A Look on the Reasons for Bad Breath
Contrary to what we were oriented to when we were younger, bad breath has various causes that could be truly disturbing. We are not making big issues here regarding the “supposed” integral components of growing up.
We all have shed our first teeth and each went their own way in distinct processes. Some were removed professionally; others were let to decay on their own. The latter normally caused us more trouble than if we chose, in the first place, to pay a visit to our dentist and have our precious teeth checked.
One of the many troubles that most of us have encountered particularly during our childhood is bad breath. It’s a sad thing though that still, many adults are under the process of purgation towards their way for heavenly smelling breath.
It’s worth repeating that the major cause of bad breath is the decay of a teeth or unfortunately, the host of them. These play as good breeding grounds along with the spaces between them, for the anaerobic bacteria that produce VSCs.
VSCs are volatile sulfuric compounds that are agents in creating tinges of foul odor in our mouth. If left unrestrained, the growth would turn into a massive, colossal wall between having healthy breath from that which is not.
Apart from some medical conditions that do not directly affect the mouth such diabetes and liver problems, the main reason for bad breath usually is the widespread growth of such bacteria.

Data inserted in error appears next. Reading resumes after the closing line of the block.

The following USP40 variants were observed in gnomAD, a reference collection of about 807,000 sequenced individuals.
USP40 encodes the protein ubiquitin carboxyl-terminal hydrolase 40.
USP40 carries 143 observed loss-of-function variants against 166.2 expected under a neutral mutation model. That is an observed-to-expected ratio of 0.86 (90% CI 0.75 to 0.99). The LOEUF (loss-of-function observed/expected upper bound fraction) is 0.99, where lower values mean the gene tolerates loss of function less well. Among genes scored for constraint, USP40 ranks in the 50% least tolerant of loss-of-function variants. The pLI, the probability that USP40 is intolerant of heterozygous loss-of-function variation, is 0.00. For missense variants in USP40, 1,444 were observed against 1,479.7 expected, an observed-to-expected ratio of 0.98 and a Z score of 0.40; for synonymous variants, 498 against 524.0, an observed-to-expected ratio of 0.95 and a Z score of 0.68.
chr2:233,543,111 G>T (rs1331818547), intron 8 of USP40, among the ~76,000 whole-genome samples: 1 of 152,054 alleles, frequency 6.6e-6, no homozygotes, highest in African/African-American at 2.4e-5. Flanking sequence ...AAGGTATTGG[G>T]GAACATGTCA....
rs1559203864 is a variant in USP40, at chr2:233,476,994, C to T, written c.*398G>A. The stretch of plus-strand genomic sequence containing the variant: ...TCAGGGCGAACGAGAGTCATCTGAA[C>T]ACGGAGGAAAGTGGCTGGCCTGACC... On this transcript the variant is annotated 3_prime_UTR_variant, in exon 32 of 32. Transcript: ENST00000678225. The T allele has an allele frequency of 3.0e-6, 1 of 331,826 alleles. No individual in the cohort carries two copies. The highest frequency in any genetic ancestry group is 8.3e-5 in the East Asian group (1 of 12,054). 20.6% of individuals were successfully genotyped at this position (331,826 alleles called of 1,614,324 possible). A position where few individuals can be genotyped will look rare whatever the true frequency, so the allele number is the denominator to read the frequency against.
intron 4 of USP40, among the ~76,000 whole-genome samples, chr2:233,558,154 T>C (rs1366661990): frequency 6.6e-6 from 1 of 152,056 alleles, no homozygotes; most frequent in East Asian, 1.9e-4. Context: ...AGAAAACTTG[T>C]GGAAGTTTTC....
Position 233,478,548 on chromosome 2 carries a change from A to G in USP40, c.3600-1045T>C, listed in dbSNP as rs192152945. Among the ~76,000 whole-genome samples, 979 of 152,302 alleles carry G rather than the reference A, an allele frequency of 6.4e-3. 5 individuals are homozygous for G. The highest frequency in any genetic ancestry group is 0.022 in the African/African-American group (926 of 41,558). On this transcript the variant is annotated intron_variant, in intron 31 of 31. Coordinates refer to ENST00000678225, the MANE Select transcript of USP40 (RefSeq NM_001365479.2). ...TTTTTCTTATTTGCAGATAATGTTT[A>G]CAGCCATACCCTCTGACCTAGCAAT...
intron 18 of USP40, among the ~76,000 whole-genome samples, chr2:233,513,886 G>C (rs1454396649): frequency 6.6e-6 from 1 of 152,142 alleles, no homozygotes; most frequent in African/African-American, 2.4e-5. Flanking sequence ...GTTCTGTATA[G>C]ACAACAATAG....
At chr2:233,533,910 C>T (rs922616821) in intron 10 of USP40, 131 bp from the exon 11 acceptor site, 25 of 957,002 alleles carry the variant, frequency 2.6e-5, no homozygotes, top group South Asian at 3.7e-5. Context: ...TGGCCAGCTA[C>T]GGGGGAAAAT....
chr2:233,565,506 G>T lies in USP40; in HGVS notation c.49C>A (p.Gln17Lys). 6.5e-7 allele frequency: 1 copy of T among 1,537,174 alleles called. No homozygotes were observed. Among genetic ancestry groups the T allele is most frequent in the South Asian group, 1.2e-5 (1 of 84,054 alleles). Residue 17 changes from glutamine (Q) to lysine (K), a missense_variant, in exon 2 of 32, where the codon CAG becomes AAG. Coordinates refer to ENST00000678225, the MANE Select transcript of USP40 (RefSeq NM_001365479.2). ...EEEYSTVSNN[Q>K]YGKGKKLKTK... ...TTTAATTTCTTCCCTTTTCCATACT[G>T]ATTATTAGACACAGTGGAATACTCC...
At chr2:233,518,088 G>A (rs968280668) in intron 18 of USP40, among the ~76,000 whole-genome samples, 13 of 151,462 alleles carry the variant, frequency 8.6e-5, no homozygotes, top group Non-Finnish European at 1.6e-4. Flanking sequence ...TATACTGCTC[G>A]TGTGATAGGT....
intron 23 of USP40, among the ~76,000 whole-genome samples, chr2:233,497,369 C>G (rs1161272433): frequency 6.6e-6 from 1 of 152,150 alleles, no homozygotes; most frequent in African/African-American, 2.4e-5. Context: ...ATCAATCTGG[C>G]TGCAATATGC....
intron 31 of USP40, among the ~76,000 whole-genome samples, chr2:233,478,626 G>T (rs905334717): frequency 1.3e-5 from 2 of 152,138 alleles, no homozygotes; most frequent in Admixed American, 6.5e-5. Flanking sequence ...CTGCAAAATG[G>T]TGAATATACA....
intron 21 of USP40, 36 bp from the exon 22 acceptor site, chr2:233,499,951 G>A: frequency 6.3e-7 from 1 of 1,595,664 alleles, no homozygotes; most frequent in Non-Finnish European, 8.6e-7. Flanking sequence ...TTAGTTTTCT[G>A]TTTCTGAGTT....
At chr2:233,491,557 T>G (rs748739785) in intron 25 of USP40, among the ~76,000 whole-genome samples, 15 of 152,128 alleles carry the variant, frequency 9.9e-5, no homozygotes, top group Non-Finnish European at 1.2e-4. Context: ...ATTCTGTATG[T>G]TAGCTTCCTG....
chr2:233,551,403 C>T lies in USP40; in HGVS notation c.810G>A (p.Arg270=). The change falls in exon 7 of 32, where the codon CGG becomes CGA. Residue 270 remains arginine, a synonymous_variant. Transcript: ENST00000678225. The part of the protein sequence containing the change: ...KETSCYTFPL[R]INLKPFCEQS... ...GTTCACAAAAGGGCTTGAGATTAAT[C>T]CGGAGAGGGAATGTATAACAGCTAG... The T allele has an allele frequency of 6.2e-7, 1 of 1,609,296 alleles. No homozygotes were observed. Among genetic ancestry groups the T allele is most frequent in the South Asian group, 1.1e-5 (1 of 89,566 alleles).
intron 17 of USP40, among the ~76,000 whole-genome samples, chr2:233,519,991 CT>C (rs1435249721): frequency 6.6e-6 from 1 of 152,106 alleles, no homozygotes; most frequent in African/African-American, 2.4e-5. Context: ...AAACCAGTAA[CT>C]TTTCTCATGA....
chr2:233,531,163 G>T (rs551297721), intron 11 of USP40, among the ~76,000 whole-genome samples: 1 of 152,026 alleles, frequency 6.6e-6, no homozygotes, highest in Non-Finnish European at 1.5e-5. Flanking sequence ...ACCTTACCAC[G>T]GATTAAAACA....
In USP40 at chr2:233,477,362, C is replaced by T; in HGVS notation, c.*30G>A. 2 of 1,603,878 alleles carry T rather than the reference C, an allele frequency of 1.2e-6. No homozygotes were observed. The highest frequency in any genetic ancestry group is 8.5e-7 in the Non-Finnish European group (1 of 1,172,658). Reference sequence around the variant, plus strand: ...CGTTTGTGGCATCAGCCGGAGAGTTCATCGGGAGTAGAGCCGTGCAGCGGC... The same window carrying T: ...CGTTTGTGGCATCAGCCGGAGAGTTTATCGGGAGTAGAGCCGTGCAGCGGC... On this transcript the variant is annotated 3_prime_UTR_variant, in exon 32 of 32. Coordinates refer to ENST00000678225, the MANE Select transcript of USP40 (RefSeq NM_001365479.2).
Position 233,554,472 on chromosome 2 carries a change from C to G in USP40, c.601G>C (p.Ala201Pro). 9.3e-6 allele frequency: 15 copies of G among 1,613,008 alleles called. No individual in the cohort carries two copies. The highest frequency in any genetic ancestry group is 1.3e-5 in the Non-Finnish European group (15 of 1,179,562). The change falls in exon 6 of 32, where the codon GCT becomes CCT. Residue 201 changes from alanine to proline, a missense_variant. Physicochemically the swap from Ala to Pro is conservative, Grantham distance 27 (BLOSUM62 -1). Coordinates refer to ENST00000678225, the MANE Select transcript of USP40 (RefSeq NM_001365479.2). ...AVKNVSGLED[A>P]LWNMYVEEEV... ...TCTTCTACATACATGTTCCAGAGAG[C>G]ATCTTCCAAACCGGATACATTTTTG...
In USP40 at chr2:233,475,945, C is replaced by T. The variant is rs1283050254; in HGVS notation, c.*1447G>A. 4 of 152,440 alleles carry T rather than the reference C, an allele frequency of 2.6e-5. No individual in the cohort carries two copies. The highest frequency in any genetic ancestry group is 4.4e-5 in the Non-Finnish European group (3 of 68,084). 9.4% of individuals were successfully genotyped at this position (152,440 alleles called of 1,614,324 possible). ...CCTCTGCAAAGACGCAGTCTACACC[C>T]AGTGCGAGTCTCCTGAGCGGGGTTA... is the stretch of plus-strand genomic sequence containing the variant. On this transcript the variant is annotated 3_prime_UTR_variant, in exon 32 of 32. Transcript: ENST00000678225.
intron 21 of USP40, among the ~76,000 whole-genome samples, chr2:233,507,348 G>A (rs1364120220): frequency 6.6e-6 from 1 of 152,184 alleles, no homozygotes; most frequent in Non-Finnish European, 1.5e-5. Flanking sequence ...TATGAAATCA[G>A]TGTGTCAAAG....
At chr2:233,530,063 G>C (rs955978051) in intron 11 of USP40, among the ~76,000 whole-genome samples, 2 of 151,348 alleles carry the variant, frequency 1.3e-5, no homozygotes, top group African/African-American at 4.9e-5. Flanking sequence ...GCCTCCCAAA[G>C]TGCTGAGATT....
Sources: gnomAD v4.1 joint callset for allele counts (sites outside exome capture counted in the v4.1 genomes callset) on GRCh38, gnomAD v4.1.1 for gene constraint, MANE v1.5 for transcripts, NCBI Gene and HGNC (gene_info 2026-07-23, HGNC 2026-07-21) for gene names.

Another main reason (or probably a cause too) is the accumulation of yellow or whitish film on the surface of the tongue. This is caused by the mouth debris that sticks into unclean or unbrushed tongue.
This accumulation normally builds up in the posterior region of the tongue. Elimination of this film though would not warrant the removal of bad breath but would help relive some of the symptoms.
Drying of the mouth is also pointed out regularly s the main reason for bad breath. Anaerobic bacteria, by their nature, can have optimized survival when they are in environments with lesser oxygen level. Thus, when the mouth dries due to mouth breathing and several medical conditions that brings about the same effects, they are likely to multiply and spread more. This would likely end up with higher release of volatile sulfur compounds that, as we have already mentioned, are agents for releasing foul odor through the process of disintegrating chemical compounds and mouth debris.
Additionally, once the mouth area is deprived of the necessary circulation of oxygen, the pH level is likely to be altered, thus creating an effect of producing an environment that is conducive for the increase of anaerobic bacteria.
Even with hosts of products that offer effective means for combating xerostomia or mouth drying, there is still too few that live up to their claims. Too few are effective enough to ensure a patient from eliminating the dryness of the mouth.
There are other reasons for bard breath aside from what we have already stated above. Some include those with non-oral origins and others are related with psychological disorders.
Halitophobia, an interesting condition is marked by the presence of compulsive ideas that constantly plague the thoughts of a person, for whether he truly has bad breath or not. In fact, this imagined condition is graver than normal bad breath since patients of this disorder are likely to contemplate on suicides. On its onset though, halitophobics would try to isolate themselves from the public for the fear of ridicule due to bad breath.